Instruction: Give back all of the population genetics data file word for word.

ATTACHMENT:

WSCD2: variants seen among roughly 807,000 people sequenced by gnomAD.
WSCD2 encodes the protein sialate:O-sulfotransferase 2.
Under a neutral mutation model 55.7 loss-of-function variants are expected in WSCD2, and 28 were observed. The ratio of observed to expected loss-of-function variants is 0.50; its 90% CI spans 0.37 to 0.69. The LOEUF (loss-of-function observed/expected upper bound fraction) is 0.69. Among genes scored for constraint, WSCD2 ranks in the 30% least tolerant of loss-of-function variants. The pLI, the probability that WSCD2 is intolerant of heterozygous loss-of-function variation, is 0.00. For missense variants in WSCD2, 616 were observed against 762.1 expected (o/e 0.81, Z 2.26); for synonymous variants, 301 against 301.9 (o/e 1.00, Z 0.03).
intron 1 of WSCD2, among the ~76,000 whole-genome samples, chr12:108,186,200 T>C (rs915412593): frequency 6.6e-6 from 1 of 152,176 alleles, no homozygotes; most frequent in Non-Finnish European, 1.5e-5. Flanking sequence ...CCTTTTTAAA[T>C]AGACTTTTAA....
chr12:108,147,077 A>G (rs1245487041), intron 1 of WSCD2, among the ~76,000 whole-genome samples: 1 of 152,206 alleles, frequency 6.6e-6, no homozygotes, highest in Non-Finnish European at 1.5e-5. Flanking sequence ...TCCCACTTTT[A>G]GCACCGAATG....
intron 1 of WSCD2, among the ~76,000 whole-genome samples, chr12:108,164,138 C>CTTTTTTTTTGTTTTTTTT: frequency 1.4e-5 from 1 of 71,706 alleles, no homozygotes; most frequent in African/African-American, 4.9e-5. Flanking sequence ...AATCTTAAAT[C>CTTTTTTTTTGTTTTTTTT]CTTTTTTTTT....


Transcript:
WSCD2: variants seen among roughly 807,000 people sequenced by gnomAD.
WSCD2 encodes the protein sialate:O-sulfotransferase 2.
Under a neutral mutation model 55.7 loss-of-function variants are expected in WSCD2, and 28 were observed. The ratio of observed to expected loss-of-function variants is 0.50; its 90% CI spans 0.37 to 0.69. The LOEUF (loss-of-function observed/expected upper bound fraction) is 0.69. Among genes scored for constraint, WSCD2 ranks in the 30% least tolerant of loss-of-function variants. The pLI, the probability that WSCD2 is intolerant of heterozygous loss-of-function variation, is 0.00. For missense variants in WSCD2, 616 were observed against 762.1 expected (o/e 0.81, Z 2.26); for synonymous variants, 301 against 301.9 (o/e 1.00, Z 0.03).
intron 1 of WSCD2, among the ~76,000 whole-genome samples, chr12:108,186,200 T>C (rs915412593): frequency 6.6e-6 from 1 of 152,176 alleles, no homozygotes; most frequent in Non-Finnish European, 1.5e-5. Flanking sequence ...CCTTTTTAAA[T>C]AGACTTTTAA....
chr12:108,147,077 A>G (rs1245487041), intron 1 of WSCD2, among the ~76,000 whole-genome samples: 1 of 152,206 alleles, frequency 6.6e-6, no homozygotes, highest in Non-Finnish European at 1.5e-5. Flanking sequence ...TCCCACTTTT[A>G]GCACCGAATG....
intron 1 of WSCD2, among the ~76,000 whole-genome samples, chr12:108,164,138 C>CTTTTTTTTTGTTTTTTTT: frequency 1.4e-5 from 1 of 71,706 alleles, no homozygotes; most frequent in African/African-American, 4.9e-5. Flanking sequence ...AATCTTAAAT[C>CTTTTTTTTTGTTTTTTTT]CTTTTTTTTT....